When strawberries hit my local farmer’s market, I tend to overindulge, knowing the growing season doesn’t last long. Once I’ve had my fill after a few days of snacking, I’m often left wondering how to use the rest before they spoil. Popsicles are such a great solution, helping me savor the ripe juicy flavor all summer long. I used strawberries and blackberries because that is what my market had, but most types of berries will substitute well in this recipe, should you find yourself in a similar situation with an oversupply of raspberries, for example. The key is tasting the mixture once the berries are blended to check for the sugar levels. You may want to add a bit more honey depending on the sweetness of your berries and your palate.

Makes ten 3-ounce popsicles


Mixed Berry Popsicles

  • 1 cup (240 grams) buttermilk
  • 1 cup (250 grams) Skyr or Greek yogurt
  • ¼ cup honey (84 grams), more for berry mixtures if needed
  • 1 cup (144 grams) fresh strawberries, hulled
  • 1 cup (144 grams) fresh blackberries


Make the Popsicles:

  1. In a medium sized mixing bowl, add the buttermilk, yogurt and honey and mix to combine. Roughly divide the mixture into three portions, setting two aside in the refrigerator for later use.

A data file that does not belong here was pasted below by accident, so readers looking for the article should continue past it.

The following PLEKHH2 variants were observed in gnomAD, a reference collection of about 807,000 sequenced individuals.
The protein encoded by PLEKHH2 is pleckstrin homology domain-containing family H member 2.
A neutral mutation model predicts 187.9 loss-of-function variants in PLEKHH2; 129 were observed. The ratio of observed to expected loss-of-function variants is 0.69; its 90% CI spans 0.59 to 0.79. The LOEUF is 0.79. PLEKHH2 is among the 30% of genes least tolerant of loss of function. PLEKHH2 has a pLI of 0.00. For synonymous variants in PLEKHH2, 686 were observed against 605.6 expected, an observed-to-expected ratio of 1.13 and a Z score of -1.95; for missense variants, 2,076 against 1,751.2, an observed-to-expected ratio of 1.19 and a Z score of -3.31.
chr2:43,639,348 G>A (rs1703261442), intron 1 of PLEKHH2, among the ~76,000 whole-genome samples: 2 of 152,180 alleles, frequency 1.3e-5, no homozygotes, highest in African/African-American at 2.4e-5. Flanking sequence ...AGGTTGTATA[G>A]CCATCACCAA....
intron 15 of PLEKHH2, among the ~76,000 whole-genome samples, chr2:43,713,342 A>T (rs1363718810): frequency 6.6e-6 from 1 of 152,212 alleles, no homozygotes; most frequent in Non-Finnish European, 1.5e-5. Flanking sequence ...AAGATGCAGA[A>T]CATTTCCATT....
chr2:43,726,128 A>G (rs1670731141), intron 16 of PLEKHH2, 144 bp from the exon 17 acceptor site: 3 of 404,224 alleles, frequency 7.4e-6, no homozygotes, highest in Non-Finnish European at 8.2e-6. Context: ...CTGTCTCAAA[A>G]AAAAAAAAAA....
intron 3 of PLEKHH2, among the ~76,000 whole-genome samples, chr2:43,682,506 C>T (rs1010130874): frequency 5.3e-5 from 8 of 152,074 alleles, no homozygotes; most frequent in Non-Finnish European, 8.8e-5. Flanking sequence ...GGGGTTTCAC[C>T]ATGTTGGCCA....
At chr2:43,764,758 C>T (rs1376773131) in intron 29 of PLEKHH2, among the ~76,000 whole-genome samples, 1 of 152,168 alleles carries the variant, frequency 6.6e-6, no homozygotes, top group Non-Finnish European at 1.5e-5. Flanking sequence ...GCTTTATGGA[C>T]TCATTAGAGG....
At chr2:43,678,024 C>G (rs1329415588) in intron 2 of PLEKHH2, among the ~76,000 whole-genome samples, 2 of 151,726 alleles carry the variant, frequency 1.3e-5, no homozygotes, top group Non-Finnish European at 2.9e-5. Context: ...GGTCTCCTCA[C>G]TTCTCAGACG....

2. With the one remaining portion of the mixture, combine with the blackberries in a blender or food processor and pulse until smooth. Pour into popsicle molds and freeze for one hour or until set enough on top to proceed with another mixture.
  3. Pour one of the buttermilk mixtures into the molds on top of the frozen strawberry mixture and freeze again for another hour or until set.
  4. With the last remaining mixture, combine with the strawberries in a blender or food processor and pulse until smooth. Pour into the popsicle molds, place sticks into each mold and freeze until completely set, approximately 4 hours or overnight.
  5. To unmold, gently dip into a glass of warm water to help release from the mold and serve immediately. Remaining popsicles can be stored in the freezer for up to three months.


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AnnMarie Mattilahttps://pastryathome.com
AnnMarie Mattila is a writer for Pastry Arts Magazine, as well as a freelance baker and pastry chef in New York. She has a master’s degree in Food Studies from New York University and is also a graduate of the Institute of Culinary Education.

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